Ozzy Osbourne – Tokyo 1982 Final Night Definitive Master (Zodiac 453)

Tokyo 1982 Final Night Definitive Master (Zodiac 453)

Nakano Sun Plaza Hall, Tokyo, Japan – July 15, 1982

Disc 1 (62:14) Intro, Diary Of A Madman, Over The Mountain, Mr. Crowley, Crazy Train, Revelation (Mother Earth), Steal Away (The Night), Suicide Solution, Guitar Solo & Jam, Drum Solo, Keyboard Solo, Goodbye To Romance, I Don’t Know

Disc 2 (30:11) No Bone Movies, Believer, Flying High Again, Iron Man, Children Of The Grave, Paranoid

Ozzy Osbourne’s first visit to Japan took place in the Summer of 1982 playing five concerts in the country, Osaka July 9, Nagoya July 11, Kyoto July 13, and two nights in Tokyo July 14 and 15. The tour was well documented as recordings exist for four of the concerts, the final concert in Tokyo being the latest to be released on this new title from the Zodiac label leaving Kyoto the only concert not circulating. The trip to the Far East was a memorable one, the band stopped in Hawaii and played a gig in Honolulu on June 28 before island hopping to Maui where Ozzy and Sharon Arden were married on July 4. The band had a couple days of relaxation on the island before heading to Japan on July 6th, in his book Off The Rails, Rudy Sarzo says how well the famed promoter Mr Udo treated the band and what a well organized trip it had been, and like many musicians who visit Japan, spoke to how wonderful the fans were.

The recording used for this new release of the July 15 Tokyo concert is a very good to excellent audience source, the taper was close to the stage and captured a well balanced capture with all instruments and vocals perfectly mixed. The acoustics of the intimate 2,200 seat Nakano Sun Plaza Hall certainly lends itself to this recording, the audience is enthusiastic but not overbearing and the atmosphere is perfectly captured. Two minutes into the opening number, Over The Mountain, you get the urge to turn this up, the devil on your shoulder so to speak, this is definitely one that lends itself to louder volumes.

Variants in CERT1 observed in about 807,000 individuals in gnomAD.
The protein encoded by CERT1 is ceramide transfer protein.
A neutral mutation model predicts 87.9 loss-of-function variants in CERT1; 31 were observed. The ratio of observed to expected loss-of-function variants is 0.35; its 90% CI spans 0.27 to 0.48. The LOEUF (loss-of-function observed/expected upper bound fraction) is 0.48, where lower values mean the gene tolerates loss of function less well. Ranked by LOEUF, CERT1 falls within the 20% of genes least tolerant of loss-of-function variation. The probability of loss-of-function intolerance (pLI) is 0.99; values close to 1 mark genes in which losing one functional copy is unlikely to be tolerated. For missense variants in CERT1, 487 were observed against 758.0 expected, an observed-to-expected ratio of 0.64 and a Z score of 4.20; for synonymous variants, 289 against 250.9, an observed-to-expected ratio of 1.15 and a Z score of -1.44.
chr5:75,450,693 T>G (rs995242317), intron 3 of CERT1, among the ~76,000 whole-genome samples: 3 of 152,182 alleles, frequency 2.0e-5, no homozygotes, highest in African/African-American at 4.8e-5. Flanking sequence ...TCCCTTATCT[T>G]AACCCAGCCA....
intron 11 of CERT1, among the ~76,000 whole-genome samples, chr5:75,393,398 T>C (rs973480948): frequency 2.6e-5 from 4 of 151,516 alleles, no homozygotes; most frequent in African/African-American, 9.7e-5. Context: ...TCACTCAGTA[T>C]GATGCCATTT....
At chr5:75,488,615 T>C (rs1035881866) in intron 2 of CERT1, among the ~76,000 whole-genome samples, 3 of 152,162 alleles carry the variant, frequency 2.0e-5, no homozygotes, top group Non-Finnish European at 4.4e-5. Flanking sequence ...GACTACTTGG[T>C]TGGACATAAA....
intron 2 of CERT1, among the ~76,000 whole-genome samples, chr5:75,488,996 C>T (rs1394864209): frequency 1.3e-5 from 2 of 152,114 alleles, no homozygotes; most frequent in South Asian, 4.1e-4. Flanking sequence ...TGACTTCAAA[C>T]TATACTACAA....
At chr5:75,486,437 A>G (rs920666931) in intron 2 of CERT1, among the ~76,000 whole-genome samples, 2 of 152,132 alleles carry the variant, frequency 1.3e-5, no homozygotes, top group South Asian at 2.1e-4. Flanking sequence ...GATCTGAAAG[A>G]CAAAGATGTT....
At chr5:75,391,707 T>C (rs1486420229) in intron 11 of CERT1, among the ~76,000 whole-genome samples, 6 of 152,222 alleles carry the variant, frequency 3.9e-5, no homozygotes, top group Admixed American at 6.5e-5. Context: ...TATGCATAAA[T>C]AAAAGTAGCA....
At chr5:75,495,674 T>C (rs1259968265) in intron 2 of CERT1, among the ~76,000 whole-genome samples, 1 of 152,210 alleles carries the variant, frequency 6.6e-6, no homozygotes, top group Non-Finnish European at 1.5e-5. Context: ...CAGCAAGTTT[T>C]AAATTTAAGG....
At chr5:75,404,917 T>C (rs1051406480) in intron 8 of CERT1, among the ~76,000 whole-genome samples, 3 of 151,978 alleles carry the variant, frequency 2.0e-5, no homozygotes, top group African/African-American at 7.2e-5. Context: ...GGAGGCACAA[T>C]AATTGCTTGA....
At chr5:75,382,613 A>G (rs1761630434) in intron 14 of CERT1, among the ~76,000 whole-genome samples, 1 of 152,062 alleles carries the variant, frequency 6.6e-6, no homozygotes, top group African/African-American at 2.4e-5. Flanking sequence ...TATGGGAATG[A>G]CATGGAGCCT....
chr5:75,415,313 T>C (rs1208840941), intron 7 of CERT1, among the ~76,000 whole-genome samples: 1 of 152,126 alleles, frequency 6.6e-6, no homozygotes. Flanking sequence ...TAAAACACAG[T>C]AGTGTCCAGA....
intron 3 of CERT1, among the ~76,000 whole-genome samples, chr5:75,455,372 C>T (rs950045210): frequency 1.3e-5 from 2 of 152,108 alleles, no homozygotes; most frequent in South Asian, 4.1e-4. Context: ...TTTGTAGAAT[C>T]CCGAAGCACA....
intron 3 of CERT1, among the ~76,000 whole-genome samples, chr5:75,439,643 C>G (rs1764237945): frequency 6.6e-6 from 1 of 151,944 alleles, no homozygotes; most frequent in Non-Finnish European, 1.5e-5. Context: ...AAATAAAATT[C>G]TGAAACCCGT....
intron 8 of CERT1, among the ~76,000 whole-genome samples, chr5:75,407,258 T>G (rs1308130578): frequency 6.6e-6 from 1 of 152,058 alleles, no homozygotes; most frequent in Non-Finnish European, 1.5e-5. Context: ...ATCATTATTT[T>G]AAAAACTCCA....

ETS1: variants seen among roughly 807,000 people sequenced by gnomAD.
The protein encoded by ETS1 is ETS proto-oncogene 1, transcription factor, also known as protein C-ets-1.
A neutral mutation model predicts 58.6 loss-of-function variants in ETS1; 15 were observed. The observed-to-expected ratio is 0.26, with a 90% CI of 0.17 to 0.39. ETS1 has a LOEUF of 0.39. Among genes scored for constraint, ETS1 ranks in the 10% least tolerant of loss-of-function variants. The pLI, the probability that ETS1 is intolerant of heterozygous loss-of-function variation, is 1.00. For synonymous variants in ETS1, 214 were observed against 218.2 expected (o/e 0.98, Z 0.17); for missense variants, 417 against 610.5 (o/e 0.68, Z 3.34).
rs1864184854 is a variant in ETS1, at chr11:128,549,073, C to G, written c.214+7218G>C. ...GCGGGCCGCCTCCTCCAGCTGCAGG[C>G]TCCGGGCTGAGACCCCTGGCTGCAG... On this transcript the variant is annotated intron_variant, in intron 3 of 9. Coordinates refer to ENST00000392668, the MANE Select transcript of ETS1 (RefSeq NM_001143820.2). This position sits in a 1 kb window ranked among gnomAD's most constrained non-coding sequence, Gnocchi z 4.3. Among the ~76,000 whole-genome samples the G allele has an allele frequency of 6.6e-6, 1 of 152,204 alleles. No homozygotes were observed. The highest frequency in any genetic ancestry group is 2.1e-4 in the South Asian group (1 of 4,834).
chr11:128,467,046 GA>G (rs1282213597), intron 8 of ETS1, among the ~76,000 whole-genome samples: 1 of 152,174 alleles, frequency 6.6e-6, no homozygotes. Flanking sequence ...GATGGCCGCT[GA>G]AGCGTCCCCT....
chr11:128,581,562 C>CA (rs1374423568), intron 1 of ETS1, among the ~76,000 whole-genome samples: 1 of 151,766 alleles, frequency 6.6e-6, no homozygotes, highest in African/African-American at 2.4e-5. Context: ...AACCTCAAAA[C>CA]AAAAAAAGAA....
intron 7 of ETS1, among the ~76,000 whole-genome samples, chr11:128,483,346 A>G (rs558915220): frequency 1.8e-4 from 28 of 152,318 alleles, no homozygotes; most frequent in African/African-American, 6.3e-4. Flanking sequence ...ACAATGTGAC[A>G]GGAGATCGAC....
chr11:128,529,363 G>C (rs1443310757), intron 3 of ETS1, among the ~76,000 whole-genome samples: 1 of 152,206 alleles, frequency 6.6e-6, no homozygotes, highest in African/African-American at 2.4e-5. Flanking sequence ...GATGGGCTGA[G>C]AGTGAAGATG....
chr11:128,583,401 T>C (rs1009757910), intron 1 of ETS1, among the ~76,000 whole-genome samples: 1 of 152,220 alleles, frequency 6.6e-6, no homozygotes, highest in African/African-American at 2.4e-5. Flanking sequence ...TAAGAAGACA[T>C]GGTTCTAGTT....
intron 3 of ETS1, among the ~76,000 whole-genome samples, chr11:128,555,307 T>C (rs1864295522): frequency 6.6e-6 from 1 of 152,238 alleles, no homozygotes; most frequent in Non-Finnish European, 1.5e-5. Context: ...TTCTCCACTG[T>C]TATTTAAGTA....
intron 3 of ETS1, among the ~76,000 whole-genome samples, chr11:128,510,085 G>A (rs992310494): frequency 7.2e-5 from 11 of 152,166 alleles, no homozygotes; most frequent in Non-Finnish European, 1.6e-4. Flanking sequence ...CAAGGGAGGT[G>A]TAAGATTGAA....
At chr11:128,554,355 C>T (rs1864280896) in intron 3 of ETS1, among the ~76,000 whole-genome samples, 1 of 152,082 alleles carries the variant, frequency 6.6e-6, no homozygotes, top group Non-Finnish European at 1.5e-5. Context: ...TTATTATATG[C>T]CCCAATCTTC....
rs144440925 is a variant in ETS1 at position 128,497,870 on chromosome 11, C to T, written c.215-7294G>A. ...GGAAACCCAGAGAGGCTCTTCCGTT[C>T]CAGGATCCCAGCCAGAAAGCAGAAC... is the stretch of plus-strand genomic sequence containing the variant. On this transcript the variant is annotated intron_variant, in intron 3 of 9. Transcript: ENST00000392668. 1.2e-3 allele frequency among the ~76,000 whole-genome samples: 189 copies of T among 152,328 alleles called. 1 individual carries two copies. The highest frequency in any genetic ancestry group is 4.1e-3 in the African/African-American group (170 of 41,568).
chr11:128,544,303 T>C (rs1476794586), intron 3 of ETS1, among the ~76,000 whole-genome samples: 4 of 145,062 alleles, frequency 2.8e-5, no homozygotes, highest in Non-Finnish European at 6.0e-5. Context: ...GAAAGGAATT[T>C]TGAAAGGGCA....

The taper captured a very complete document beginning with a near silent hall as the announcers warns to keep out of the isles, once the house lights go down and the Diary Of A Madman intro is played over the P.A, the audience comes alive shouting, cheering, and clapping in anticipation. The power of Tommy Aldridge is felt as he pummels the crowd with the opening of Over The Mountain, the crowd is into it clapping and singing along letting the music take them. 80’s Ozzy is my bread and butter, I love it and can’t get enough, this line up in particular is a favorite thanks to the Speak Of The Devil record, Tommy on Drums, Brad Gillis on guitar, Rudy Sarzo on bass, and Don Airey on keyboards was just an incredible band for Ozzy. Brad was well settled by this point and his unique style shines through while sticking to much of what Randy Rhoads had begun, the perfect homage to the fallen six string God. Just listen to his incredible soloing on Mr. Crowley, playing the Rhoads licks while adding a lot of his tremolo style in to absolute perfection.